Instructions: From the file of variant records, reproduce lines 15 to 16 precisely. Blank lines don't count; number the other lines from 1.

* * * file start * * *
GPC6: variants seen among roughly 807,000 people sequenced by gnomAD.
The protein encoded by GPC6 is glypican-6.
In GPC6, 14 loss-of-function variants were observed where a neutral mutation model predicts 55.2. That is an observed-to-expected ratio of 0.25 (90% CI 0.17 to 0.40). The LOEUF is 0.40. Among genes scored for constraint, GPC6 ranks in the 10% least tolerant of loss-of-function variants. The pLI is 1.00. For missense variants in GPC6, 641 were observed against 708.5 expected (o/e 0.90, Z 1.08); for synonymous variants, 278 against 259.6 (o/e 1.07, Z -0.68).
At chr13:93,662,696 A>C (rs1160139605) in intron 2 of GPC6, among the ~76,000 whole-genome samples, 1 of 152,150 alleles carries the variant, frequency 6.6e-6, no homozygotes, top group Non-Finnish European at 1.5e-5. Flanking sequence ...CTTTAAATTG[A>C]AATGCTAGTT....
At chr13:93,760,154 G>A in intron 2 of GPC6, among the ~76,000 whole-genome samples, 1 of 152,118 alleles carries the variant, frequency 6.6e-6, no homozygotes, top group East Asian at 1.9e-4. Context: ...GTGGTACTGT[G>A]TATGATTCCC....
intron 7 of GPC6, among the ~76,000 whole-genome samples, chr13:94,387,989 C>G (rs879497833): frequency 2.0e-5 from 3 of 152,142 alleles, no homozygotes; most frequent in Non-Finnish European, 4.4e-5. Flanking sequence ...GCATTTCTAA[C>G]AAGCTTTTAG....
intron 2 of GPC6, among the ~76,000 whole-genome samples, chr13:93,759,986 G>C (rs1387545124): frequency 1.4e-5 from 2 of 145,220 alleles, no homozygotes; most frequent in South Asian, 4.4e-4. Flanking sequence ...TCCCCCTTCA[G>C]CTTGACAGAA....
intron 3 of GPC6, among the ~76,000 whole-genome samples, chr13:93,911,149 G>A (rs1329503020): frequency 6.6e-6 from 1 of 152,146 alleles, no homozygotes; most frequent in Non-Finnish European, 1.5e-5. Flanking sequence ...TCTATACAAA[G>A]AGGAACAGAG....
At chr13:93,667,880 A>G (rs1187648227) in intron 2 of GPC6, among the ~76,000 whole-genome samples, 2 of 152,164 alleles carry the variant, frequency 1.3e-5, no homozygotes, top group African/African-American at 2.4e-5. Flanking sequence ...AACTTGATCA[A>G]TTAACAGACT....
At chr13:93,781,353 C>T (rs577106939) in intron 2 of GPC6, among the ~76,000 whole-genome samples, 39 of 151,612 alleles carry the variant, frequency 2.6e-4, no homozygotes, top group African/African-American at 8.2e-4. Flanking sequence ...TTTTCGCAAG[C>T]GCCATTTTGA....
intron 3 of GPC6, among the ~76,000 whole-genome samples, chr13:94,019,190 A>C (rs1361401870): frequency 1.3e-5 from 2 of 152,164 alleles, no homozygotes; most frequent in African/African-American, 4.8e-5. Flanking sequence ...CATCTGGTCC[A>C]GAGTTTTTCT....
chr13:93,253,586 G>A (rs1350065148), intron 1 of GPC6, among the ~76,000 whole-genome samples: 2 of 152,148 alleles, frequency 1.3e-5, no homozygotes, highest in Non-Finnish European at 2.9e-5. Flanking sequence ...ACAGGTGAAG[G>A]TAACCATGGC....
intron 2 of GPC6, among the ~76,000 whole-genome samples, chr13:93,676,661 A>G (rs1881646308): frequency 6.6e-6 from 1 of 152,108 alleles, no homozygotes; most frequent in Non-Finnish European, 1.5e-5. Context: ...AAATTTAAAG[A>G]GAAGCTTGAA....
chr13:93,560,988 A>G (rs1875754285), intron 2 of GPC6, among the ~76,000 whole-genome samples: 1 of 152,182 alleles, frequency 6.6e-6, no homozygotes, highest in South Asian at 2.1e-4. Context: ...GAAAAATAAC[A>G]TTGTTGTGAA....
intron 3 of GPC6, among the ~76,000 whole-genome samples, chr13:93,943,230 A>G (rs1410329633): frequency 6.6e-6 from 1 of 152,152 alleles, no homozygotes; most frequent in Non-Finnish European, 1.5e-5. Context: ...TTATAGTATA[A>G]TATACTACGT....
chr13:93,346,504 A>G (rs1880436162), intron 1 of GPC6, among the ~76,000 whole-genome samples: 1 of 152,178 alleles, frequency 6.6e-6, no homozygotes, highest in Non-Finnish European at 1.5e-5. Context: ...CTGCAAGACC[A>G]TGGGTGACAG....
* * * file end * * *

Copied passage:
intron 3 of GPC6, among the ~76,000 whole-genome samples, chr13:93,943,230 A>G (rs1410329633): frequency 6.6e-6 from 1 of 152,152 alleles, no homozygotes; most frequent in Non-Finnish European, 1.5e-5. Context: ...TTATAGTATA[A>G]TATACTACGT....
chr13:93,346,504 A>G (rs1880436162), intron 1 of GPC6, among the ~76,000 whole-genome samples: 1 of 152,178 alleles, frequency 6.6e-6, no homozygotes, highest in Non-Finnish European at 1.5e-5. Context: ...CTGCAAGACC[A>G]TGGGTGACAG....